Please note this opera is available at www.metopera.org.
Met Free Streaming – Week 10
Friday, May 22
Mozart’s Don Giovanni – Viewers’ Choice ~ 3Hrs and 2Mins
Conducted by Richard Bonynge, starring Joan Sutherland, James Morris, and Gabriel Bacquier. Transmitted live on March 16, 1978.
In March of 1977, the Met presented its inaugural performance of the Live from the Met TV series — the Peabody Award–winning program which ran on public television for more than 25 years. A very early performance in the series was this 1978 production of Mozart’s classic dark comedy, Don Giovanni, starring celebrated bass-baritone James Morris as the great seducer of the title, along with an exceptional cast featuring soprano Joan Sutherland as Donna Anna, baritone Gabriel Bacquier as Leporello, Julia Varady as Donna Elvira and bass John Macurdy as the Commendatore. On the podium, Richard Bonynge (Sutherland’s husband) led a buoyant performance of Herbert Graf’s classic production.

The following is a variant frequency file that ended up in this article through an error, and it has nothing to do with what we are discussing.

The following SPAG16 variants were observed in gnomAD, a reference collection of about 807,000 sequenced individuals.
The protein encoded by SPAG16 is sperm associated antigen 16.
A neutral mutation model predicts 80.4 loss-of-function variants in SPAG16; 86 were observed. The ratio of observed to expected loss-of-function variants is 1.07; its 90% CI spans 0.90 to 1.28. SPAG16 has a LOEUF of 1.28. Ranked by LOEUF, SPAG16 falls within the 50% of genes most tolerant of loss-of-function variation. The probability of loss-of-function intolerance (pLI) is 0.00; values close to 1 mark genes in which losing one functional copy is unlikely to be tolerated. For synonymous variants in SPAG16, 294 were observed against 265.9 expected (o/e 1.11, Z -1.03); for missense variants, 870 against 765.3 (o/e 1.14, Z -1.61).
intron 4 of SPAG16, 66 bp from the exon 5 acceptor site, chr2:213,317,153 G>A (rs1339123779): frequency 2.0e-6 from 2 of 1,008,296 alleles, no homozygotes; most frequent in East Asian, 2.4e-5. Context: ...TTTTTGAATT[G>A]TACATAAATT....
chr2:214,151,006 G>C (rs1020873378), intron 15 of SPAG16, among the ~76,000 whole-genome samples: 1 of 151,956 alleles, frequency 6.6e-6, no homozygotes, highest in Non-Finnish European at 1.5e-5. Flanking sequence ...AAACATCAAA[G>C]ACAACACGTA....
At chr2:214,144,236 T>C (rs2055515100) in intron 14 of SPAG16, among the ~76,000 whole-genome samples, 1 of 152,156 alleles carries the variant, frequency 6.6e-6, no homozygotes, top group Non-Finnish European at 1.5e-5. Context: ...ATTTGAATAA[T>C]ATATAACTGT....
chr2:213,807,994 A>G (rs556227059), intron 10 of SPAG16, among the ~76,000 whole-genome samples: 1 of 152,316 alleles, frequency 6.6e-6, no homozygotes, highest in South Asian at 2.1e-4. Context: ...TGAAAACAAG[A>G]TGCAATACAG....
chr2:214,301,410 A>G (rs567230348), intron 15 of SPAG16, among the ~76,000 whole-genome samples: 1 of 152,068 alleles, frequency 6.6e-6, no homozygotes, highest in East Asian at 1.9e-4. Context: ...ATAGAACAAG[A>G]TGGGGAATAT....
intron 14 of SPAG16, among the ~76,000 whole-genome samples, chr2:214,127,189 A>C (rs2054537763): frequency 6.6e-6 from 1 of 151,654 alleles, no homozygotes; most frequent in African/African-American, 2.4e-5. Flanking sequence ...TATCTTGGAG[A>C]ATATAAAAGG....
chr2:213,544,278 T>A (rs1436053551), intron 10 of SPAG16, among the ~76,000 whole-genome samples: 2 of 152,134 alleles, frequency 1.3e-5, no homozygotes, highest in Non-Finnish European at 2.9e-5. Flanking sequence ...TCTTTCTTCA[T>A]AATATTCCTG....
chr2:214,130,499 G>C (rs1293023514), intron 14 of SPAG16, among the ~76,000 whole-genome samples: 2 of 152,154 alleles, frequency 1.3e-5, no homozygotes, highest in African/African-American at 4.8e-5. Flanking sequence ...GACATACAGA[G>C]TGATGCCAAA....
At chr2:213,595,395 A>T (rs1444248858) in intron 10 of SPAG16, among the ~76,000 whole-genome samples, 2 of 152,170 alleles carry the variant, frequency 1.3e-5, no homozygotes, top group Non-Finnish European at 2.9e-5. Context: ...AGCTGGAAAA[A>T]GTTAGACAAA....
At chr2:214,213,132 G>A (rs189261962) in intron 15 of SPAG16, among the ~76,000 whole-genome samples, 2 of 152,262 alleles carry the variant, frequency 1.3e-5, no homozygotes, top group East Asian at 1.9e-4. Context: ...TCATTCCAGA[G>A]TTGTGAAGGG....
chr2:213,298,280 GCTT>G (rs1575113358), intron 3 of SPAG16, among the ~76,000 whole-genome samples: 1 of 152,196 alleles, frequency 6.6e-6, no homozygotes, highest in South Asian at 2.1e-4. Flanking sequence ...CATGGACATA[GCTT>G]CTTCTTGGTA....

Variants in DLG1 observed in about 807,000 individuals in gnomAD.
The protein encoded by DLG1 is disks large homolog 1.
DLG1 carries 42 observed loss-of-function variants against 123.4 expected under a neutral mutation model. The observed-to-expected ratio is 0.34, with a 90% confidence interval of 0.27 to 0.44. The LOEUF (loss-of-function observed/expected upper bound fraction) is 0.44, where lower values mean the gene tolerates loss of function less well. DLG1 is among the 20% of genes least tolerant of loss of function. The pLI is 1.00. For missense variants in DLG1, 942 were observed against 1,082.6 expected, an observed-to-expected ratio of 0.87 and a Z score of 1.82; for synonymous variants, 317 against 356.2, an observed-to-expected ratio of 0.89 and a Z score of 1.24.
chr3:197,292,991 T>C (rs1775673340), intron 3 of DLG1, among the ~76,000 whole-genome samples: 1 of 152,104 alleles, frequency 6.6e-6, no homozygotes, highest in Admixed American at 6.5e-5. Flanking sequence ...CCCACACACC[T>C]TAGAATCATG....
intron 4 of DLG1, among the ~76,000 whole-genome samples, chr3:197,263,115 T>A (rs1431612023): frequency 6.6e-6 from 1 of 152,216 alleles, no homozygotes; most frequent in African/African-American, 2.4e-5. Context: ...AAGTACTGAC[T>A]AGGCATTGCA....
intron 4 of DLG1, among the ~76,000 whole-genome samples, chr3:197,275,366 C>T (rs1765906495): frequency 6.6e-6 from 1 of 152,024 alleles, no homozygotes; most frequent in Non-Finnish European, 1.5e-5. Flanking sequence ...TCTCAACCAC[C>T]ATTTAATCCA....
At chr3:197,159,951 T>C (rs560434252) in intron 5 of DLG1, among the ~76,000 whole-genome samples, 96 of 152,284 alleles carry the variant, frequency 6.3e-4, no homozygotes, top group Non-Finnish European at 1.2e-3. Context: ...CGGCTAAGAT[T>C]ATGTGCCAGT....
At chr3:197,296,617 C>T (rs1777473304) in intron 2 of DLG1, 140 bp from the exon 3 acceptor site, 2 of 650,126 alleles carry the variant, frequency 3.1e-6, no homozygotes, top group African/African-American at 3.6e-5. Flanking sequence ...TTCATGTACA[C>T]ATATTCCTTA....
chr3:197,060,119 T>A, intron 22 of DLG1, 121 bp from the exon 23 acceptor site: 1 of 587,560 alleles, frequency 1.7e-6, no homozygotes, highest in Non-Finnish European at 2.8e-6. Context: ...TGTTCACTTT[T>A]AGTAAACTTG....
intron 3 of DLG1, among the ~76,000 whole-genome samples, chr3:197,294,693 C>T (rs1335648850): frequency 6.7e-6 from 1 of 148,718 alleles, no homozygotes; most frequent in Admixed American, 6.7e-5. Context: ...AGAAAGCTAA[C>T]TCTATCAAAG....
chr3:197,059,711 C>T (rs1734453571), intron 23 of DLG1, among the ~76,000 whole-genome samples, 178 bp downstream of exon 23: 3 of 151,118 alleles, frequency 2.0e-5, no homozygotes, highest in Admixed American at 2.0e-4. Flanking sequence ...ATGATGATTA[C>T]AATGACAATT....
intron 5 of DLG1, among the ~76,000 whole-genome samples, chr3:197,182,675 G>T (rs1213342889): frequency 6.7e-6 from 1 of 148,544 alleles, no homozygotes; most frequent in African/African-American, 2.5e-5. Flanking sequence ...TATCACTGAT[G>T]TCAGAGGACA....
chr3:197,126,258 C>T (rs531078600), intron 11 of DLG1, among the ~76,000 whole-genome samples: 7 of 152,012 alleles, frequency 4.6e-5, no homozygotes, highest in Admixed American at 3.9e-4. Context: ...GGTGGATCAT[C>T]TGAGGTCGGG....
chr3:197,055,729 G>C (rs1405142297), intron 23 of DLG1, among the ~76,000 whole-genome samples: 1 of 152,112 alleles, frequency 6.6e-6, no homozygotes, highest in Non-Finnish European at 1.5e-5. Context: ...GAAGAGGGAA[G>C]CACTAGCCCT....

Imbuing the familiar Don Juan legend with a captivating combination of comedy, seductiveness, danger, and damnation, Mozart and his gifted librettist, Lorenzo da Ponte, created a widely loved masterpiece. The opera, which unfolds in two (very long!) acts, takes eight extraordinary voices to carry off. It is truly an ensemble production. Morris was most definitely in his prime, and even in her 50’s, Sutherland was a vocal force majeure.
The curtain rises on Leporello’s humorous lament (he is Giovanni’s man servant) detailing how he works night and day with no rest, “Notte e giorno faticar.” Since at that particular moment, it is in fact late at night and he is keeping watch while the Don seduces yet another woman – Donna Anna – his complaints seem justified. This particular seduction does not go well, however, and Donna Anna escapes calling for help. When her father, the Commendatore comes to her aid, he is slain by Giovanni who escapes with Leporello. The distraught Donna Anna is comforted by her fiancé, Don Ottavio, and she extracts from him a pledge to avenge her father.